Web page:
God loves all life…and since Focus on the Family is pro-life, isn’t that what they say they believe? If the womb is sacred, isn’t the life that’s born also sacred? They say they love life and yet by their actions they demonstrate that they perceive it to be just a commodity. A cheap, worthless commodity, filled with clones of one another, where everyone or everything different is ignored, ridiculed, or destroyed. Hallelujah and praise the Lord, don’t they serve a wonderful God, who cares more about our bodies and outward appearance than our heart and soul.

    • Grace says:

      This is why I despise the “hate the sin, love the sinner” BS with a burning passion. In the churches I grew up in, love the sinner meant at best thinking LGBT people are revolting and wanting them to stay far, far away. At worst it meant believing homosexuality should be criminalized and even subject to capital punishment.

      The truth is that people who think like this don’t think the lives of LGBT people are worth caring much about. They think they are worth less than everyone else. Same goes for women, or people of color, or poor people, or foreigners, etc. etc., etc. – as I was discussing with a friend today, these prejudices rarely come in just one form.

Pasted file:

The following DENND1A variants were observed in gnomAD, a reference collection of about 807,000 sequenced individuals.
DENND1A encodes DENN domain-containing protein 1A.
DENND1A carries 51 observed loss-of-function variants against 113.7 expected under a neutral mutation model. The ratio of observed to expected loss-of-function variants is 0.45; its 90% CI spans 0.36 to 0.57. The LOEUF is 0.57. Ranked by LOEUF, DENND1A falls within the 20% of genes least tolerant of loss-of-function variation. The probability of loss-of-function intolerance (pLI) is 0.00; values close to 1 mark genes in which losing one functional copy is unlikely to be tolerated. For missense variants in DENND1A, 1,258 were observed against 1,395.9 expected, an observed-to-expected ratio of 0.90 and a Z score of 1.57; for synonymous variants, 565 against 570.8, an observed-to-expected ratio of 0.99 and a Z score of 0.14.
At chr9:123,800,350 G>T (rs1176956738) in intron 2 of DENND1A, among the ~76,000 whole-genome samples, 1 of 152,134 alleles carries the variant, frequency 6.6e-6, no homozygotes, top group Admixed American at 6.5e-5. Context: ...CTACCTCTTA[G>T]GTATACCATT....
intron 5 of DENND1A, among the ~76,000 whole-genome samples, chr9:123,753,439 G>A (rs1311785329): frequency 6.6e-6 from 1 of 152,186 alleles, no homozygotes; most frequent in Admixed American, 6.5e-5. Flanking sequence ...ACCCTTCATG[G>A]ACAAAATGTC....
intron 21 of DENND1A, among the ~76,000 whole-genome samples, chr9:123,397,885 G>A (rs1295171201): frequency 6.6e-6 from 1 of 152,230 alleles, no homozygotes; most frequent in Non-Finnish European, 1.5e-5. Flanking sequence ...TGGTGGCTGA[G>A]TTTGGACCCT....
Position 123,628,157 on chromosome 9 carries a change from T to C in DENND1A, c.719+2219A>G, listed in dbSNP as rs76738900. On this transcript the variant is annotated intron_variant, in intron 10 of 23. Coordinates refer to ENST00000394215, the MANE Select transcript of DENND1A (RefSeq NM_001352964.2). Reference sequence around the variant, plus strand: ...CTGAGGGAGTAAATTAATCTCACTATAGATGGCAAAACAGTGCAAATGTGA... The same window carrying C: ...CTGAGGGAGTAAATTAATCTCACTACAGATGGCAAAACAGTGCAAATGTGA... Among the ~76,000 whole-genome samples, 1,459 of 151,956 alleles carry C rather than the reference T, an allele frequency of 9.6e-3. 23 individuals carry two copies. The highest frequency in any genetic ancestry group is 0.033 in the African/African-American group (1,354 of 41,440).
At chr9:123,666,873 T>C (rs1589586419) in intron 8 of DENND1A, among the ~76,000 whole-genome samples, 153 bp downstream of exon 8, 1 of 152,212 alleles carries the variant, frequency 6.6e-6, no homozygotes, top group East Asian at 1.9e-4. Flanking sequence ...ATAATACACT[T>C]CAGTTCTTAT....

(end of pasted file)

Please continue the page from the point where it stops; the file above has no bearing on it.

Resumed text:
• Toranse says:

        “They think they are worth less than everyone else. Same goes for women, or people of color, or poor people, or foreigners, etc. etc., etc. – as I was discussing with a friend today, these prejudices rarely come in just one form.”

        I can definitely see that. Christian culture is largely a white, upper-middleclass male dominated culture, and prejudices toward anything different from that abound.

        I love reading books for what kind of subtle messages its sending separate from the main message of the text and Christian culture has so many messages – most that aren’t even all that subtle, they just are usually so entrenched in their own beliefs they probably have no idea of those implications. But anyway, I don’t know if you’ve ever read any Black Christian fiction – but from the little I read, I saw a huge difference in culture. There’s less taboos related to sexuality and profanity – and yet Christians aren’t going into moral rants about “how dare this author write a sex scene” – probably because a lot of them don’t even read any literature that isn’t written by someone white and even if they do, there’s this innate prejudice toward other races or groups that makes them assume “well, you’re automatically not “pure” and “righteous” enough because you’re *insert race, gender* (I don’t think Christian culture would acknowledge a book written by someone of different sexual orientation being a Christian) so you can write books like these because it’s all your good for.”

        Racism is a far more subtle prejudice with them, and then follows gender – mostly because those are harder to get away with then spewing hatred toward LGBT people – but racism and misogyny are still very prevalent within it.

        • Grace says:

          But anyway, I don’t know if you’ve ever read any Black Christian fiction – but from the little I read, I saw a huge difference in culture.